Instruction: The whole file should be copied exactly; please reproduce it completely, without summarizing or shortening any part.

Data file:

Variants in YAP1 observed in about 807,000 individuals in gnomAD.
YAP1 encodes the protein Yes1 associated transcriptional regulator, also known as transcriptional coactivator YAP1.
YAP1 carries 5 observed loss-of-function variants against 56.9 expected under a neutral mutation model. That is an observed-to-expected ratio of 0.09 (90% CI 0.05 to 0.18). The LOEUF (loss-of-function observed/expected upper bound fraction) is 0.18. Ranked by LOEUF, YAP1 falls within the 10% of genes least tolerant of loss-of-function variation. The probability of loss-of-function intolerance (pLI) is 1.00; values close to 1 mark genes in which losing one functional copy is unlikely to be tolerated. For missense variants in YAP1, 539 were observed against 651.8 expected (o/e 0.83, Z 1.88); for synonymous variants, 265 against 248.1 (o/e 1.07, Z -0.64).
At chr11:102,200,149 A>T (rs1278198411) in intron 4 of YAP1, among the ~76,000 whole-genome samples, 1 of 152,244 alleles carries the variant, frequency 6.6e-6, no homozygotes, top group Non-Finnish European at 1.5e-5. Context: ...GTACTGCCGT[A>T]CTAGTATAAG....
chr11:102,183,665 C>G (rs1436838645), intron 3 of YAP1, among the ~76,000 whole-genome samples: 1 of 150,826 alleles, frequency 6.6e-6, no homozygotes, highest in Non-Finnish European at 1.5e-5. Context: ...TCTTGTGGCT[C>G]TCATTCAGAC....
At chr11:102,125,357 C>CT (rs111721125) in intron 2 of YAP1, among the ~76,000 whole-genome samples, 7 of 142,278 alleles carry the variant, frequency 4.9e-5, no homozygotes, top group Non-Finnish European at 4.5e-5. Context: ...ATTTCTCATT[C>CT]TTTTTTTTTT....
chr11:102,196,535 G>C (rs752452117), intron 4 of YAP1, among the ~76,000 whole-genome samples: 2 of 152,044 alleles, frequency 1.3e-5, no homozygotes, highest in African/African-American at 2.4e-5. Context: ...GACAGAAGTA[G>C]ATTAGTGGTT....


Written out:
Variants in YAP1 observed in about 807,000 individuals in gnomAD.
YAP1 encodes the protein Yes1 associated transcriptional regulator, also known as transcriptional coactivator YAP1.
YAP1 carries 5 observed loss-of-function variants against 56.9 expected under a neutral mutation model. That is an observed-to-expected ratio of 0.09 (90% CI 0.05 to 0.18). The LOEUF (loss-of-function observed/expected upper bound fraction) is 0.18. Ranked by LOEUF, YAP1 falls within the 10% of genes least tolerant of loss-of-function variation. The probability of loss-of-function intolerance (pLI) is 1.00; values close to 1 mark genes in which losing one functional copy is unlikely to be tolerated. For missense variants in YAP1, 539 were observed against 651.8 expected (o/e 0.83, Z 1.88); for synonymous variants, 265 against 248.1 (o/e 1.07, Z -0.64).
At chr11:102,200,149 A>T (rs1278198411) in intron 4 of YAP1, among the ~76,000 whole-genome samples, 1 of 152,244 alleles carries the variant, frequency 6.6e-6, no homozygotes, top group Non-Finnish European at 1.5e-5. Context: ...GTACTGCCGT[A>T]CTAGTATAAG....
chr11:102,183,665 C>G (rs1436838645), intron 3 of YAP1, among the ~76,000 whole-genome samples: 1 of 150,826 alleles, frequency 6.6e-6, no homozygotes, highest in Non-Finnish European at 1.5e-5. Context: ...TCTTGTGGCT[C>G]TCATTCAGAC....
At chr11:102,125,357 C>CT (rs111721125) in intron 2 of YAP1, among the ~76,000 whole-genome samples, 7 of 142,278 alleles carry the variant, frequency 4.9e-5, no homozygotes, top group Non-Finnish European at 4.5e-5. Context: ...ATTTCTCATT[C>CT]TTTTTTTTTT....
chr11:102,196,535 G>C (rs752452117), intron 4 of YAP1, among the ~76,000 whole-genome samples: 2 of 152,044 alleles, frequency 1.3e-5, no homozygotes, highest in African/African-American at 2.4e-5. Context: ...GACAGAAGTA[G>C]ATTAGTGGTT....